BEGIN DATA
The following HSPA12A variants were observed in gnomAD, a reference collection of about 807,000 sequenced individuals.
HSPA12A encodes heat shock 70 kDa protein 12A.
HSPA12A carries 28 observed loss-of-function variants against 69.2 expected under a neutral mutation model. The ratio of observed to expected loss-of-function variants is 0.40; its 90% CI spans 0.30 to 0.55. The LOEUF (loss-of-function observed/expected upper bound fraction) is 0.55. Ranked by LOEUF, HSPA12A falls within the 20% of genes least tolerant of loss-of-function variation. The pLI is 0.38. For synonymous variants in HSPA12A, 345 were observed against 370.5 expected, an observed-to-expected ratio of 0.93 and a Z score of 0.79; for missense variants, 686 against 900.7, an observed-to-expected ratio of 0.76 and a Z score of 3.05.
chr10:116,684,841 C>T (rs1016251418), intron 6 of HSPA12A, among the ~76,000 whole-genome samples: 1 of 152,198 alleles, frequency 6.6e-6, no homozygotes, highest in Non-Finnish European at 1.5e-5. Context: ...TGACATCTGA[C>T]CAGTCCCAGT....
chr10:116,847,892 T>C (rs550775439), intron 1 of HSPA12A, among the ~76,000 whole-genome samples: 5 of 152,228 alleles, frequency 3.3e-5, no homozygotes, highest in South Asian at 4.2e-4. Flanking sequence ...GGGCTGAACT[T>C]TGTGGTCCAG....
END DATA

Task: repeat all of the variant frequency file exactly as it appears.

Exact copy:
The following HSPA12A variants were observed in gnomAD, a reference collection of about 807,000 sequenced individuals.
HSPA12A encodes heat shock 70 kDa protein 12A.
HSPA12A carries 28 observed loss-of-function variants against 69.2 expected under a neutral mutation model. The ratio of observed to expected loss-of-function variants is 0.40; its 90% CI spans 0.30 to 0.55. The LOEUF (loss-of-function observed/expected upper bound fraction) is 0.55. Ranked by LOEUF, HSPA12A falls within the 20% of genes least tolerant of loss-of-function variation. The pLI is 0.38. For synonymous variants in HSPA12A, 345 were observed against 370.5 expected, an observed-to-expected ratio of 0.93 and a Z score of 0.79; for missense variants, 686 against 900.7, an observed-to-expected ratio of 0.76 and a Z score of 3.05.
chr10:116,684,841 C>T (rs1016251418), intron 6 of HSPA12A, among the ~76,000 whole-genome samples: 1 of 152,198 alleles, frequency 6.6e-6, no homozygotes, highest in Non-Finnish European at 1.5e-5. Context: ...TGACATCTGA[C>T]CAGTCCCAGT....
chr10:116,847,892 T>C (rs550775439), intron 1 of HSPA12A, among the ~76,000 whole-genome samples: 5 of 152,228 alleles, frequency 3.3e-5, no homozygotes, highest in South Asian at 4.2e-4. Flanking sequence ...GGGCTGAACT[T>C]TGTGGTCCAG....